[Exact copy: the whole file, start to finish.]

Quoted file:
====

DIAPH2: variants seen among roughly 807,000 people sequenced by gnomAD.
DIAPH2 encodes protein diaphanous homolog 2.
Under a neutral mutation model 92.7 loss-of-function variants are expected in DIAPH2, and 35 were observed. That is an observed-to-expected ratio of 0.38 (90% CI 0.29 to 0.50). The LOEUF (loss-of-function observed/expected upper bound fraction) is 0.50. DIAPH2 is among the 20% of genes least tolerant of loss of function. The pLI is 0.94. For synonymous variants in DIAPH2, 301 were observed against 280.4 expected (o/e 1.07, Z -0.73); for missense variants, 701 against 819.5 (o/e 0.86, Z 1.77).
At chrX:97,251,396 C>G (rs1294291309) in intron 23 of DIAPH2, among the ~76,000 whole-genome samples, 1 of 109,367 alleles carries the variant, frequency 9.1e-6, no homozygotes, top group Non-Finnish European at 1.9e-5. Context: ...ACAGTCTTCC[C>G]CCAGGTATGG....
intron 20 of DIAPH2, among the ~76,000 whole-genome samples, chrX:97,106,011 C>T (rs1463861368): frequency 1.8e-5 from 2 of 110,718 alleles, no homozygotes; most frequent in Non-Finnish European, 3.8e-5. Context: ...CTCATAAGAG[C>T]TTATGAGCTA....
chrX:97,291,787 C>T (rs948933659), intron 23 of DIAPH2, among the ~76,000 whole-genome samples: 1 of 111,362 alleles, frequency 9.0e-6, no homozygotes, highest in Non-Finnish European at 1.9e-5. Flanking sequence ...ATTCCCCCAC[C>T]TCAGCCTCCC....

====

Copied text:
DIAPH2: variants seen among roughly 807,000 people sequenced by gnomAD.
DIAPH2 encodes protein diaphanous homolog 2.
Under a neutral mutation model 92.7 loss-of-function variants are expected in DIAPH2, and 35 were observed. That is an observed-to-expected ratio of 0.38 (90% CI 0.29 to 0.50). The LOEUF (loss-of-function observed/expected upper bound fraction) is 0.50. DIAPH2 is among the 20% of genes least tolerant of loss of function. The pLI is 0.94. For synonymous variants in DIAPH2, 301 were observed against 280.4 expected (o/e 1.07, Z -0.73); for missense variants, 701 against 819.5 (o/e 0.86, Z 1.77).
At chrX:97,251,396 C>G (rs1294291309) in intron 23 of DIAPH2, among the ~76,000 whole-genome samples, 1 of 109,367 alleles carries the variant, frequency 9.1e-6, no homozygotes, top group Non-Finnish European at 1.9e-5. Context: ...ACAGTCTTCC[C>G]CCAGGTATGG....
intron 20 of DIAPH2, among the ~76,000 whole-genome samples, chrX:97,106,011 C>T (rs1463861368): frequency 1.8e-5 from 2 of 110,718 alleles, no homozygotes; most frequent in Non-Finnish European, 3.8e-5. Context: ...CTCATAAGAG[C>T]TTATGAGCTA....
chrX:97,291,787 C>T (rs948933659), intron 23 of DIAPH2, among the ~76,000 whole-genome samples: 1 of 111,362 alleles, frequency 9.0e-6, no homozygotes, highest in Non-Finnish European at 1.9e-5. Flanking sequence ...ATTCCCCCAC[C>T]TCAGCCTCCC....